The TP-Link RE365 is a great-value wireless extender. For under £50 it does a solid job of boosting Wi-Fi 5 connections, improving performance and coverage in the outlying areas of your home. It’s practical, too, with a passthrough mains socket at the front and a wired Ethernet connector at the side, plus a WPS button that you can use to get new devices online without having to type in a password. The web interface doesn’t offer much in the way of advanced management settings, however, and nor is the RE365 as fast as some pricier extenders. But if you just want to give your Wi-Fi network a bit of extra reach, it remains an effective, affordable solution.
- Ethernet port
- Passthrough power socket
- Decent performance
- Great price
- Basic web interface
- Review Price: £44.49
- Wireless extender
- 125 x 70 x 77mm
- 1x 10/100Mbps Ethernet port
- Wi-Fi 5 (867Mbps 5GHz, 300Mbps 2.4GHz)
- Extender, access point operating modes
Broadly speaking, the TP-Link RE365 works like any other wireless repeater. Plug it into a mains socket somewhere in your home and it starts broadcasting its own Wi-Fi signal to which nearby devices can connect. At the same time, it connects back to your router, and forwards traffic back and forth to your primary network as needed.
The RE365 supports W-Fi 5 (802.11ac) connections on both the legacy 2.4GHz radio band and the faster 5GHz band, but (as you’d expect for the price) it only has one 5GHz radio to handle both client and backhaul connections to your main router. That shouldn’t be a deal-breaker, but it means there’s less bandwidth available than you’d get from a high-end mesh system or a tri-band repeater such as the Netgear Nighthawk X4S.
TP-Link RE365 design and features – Cleverly designed, so you don’t lose a power socket
The RE365 is a stylish unit, with aqua trim and a hoop-shaped antenna that can be folded down for neatness or flipped up for optimum wireless performance. Measuring 77mm across, it’s unlikely to obstruct the item plugged in next to it, and it provides a passthrough mains socket, too – helpful for homes where wall sockets are at a premium.
Another convenience is the WPS button above the socket, which you can push to easily connect compatible devices to the extended network. An LED ring around it shines blue when there’s a good connection to the router; or red, if the repeater feels it’s too far away for decent performance. Four further LEDs on the left-hand side indicate network and power status.
Finally, over on the right-hand side, an Ethernet socket that uses the slower 10/100Mbps standard rather than Gigabit lets you connect wired clients to the extended network. Or, you can use a cable to connect the RE365 to your router, turning the repeater into a general-purpose wireless access point. In this latter mode, you’re not relying on wireless to connect the RE365 to your router, so you may find you achieve better results and a more stable connection in some scenarios and homes.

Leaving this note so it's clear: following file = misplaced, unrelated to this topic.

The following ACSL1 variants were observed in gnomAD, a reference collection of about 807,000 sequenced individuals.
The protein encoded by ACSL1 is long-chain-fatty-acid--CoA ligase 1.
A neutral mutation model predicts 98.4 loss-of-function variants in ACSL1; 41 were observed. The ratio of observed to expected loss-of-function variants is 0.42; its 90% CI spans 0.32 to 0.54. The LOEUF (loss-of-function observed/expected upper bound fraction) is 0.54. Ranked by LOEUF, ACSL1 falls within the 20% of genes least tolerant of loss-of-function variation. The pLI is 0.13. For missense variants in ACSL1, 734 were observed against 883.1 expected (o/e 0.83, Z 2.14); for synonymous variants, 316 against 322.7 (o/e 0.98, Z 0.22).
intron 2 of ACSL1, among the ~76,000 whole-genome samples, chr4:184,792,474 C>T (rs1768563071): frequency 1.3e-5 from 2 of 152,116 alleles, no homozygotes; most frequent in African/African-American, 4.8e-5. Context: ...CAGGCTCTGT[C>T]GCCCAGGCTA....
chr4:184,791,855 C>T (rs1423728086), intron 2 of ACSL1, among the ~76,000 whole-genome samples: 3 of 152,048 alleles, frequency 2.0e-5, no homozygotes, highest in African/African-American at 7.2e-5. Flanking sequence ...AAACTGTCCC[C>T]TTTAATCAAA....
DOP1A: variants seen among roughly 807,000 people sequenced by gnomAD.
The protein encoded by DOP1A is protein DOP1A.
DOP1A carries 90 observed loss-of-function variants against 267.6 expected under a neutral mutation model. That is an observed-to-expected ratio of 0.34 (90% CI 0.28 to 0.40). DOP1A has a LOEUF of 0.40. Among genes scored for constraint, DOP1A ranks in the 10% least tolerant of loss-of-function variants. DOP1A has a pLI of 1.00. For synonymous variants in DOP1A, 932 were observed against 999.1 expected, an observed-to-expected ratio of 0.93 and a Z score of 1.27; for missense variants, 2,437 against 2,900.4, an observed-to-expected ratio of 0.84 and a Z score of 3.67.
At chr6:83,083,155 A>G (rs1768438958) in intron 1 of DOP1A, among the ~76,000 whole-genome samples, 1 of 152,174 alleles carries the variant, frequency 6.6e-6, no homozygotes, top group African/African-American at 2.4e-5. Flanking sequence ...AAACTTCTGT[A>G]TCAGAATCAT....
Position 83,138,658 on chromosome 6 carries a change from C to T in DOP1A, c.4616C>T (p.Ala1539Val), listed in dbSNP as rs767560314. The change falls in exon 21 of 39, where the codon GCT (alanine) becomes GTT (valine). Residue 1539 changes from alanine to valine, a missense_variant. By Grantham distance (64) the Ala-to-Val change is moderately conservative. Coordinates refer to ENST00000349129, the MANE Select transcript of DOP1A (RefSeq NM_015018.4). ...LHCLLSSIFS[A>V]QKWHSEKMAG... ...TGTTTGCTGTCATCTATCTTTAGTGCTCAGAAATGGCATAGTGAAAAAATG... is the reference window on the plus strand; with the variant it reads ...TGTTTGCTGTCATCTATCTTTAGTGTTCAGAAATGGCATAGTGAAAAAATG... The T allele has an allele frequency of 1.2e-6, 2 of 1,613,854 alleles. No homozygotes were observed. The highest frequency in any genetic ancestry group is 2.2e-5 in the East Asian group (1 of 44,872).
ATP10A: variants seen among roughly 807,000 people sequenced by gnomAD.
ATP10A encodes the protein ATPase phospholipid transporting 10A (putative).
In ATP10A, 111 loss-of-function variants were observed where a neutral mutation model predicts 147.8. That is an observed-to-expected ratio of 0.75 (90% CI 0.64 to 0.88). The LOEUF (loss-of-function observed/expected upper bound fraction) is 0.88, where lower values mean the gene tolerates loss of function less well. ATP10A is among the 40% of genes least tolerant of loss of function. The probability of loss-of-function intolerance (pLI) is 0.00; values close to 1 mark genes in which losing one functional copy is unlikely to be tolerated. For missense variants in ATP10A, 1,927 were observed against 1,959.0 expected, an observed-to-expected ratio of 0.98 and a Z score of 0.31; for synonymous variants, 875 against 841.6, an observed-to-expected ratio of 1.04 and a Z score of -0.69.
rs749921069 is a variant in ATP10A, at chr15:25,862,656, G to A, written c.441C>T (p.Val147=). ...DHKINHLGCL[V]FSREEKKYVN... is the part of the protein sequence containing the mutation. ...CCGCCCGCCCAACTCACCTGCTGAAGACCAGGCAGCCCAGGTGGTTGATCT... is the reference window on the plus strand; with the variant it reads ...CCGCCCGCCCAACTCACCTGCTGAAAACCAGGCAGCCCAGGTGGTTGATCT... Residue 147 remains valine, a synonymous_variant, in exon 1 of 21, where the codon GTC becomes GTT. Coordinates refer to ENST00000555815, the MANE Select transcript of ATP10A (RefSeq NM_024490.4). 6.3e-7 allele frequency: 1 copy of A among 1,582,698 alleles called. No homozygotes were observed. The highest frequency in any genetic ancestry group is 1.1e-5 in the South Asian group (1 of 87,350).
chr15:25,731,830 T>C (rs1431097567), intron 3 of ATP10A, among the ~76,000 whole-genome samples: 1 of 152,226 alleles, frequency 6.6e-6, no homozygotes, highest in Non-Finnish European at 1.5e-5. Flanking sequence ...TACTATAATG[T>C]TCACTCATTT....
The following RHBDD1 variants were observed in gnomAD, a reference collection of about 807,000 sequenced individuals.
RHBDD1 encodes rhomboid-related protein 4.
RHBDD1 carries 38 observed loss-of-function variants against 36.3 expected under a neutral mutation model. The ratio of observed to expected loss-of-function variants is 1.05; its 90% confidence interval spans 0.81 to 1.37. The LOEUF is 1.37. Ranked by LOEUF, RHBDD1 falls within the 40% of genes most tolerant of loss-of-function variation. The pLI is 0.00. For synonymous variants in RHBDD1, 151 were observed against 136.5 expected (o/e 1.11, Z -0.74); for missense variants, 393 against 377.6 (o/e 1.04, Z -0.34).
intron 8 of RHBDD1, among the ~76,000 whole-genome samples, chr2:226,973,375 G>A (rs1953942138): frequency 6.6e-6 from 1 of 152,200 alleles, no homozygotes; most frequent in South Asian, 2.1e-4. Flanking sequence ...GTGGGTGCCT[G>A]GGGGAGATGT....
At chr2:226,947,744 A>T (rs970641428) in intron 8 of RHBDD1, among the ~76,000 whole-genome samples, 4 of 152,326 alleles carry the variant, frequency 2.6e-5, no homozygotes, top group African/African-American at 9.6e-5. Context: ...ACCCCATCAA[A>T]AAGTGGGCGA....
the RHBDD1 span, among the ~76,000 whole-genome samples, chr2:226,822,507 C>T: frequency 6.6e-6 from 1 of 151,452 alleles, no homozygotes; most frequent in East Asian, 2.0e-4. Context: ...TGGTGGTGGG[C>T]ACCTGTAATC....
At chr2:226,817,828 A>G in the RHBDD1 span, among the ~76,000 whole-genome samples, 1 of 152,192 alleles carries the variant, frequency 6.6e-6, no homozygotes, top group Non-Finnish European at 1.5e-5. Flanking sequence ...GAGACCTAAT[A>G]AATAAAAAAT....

Overall, the physical design is simple but functional, and the same can be said for the RE365’s web portal. Here, you can set names for your extended 2.4GHz and 5GHz networks, or click a button to duplicate them from your router. You can also block individual devices from connecting, set the extended network to switch off and on according to a daily schedule, or just tell it to turn the LEDs off at night. In terms of configuration, that’s about it – but to be fair, it’s probably more than most customers will be looking for.
TP-Link RE365 performance – A decent boost to speeds and range
The RE365 supports only Wi-Fi 5, so it can’t match the very fastest speeds attainable by the latest Wi-Fi 6 hardware – and, as I’ve mentioned, its performance is further limited by the dual-band design. Even so, it can still provide a stronger, faster signal to faraway devices than achievable by connecting directly to the router.
I tested this using the free TamoSoft Throughput Test tool. Before installing the extender, I took my laptop out onto the terrace at the back of my home, connected to my router on the 5GHz band, and measured average upload and download speeds over a 60-second period. These came to 63.6Mbits/sec and 94.3Mbits/sec respectively.
I then installed the RE365 in a hallway in the middle of my house, connected via the extended network and repeated the test. This time, I saw speeds of 129.8Mbits/sec and 136.4Mbits/sec, which is a clear improvement.
A similar benefit was recorded in the bedroom. When connected directly to the router I saw an average download speed of 92.4Mbits/sec, while the RE365 accelerated this to a distinctly zippier 151.9Mbits/sec.
The best result were in the bathroom, where it’s usual for plumbing to severely hinder wireless performance. Downloads directly from the router hobbled along at a mediocre 42.6Mbits/sec; the RE365 was more than two and a half times faster, clocking an average 115.8Mbits/sec.
Those are very creditable numbers. They indicate that, if there’s a room in your home that’s near to the limit of your router’s wireless range, this repeater could easily turn a clunky, intermittent online experience into a smooth, swift connection.
Should you buy the TP-Link RE365?
If you’re looking for the best speeds around then you’ll need to move up to a more expensive solution – and the same applies if you want bells and whistles such as guest networks and parental controls. However, that doesn’t diminish the charm of the TP-Link RE365: this tasteful little repeater nails the basic job of boosting your network coverage for a price that’s almost irresistible.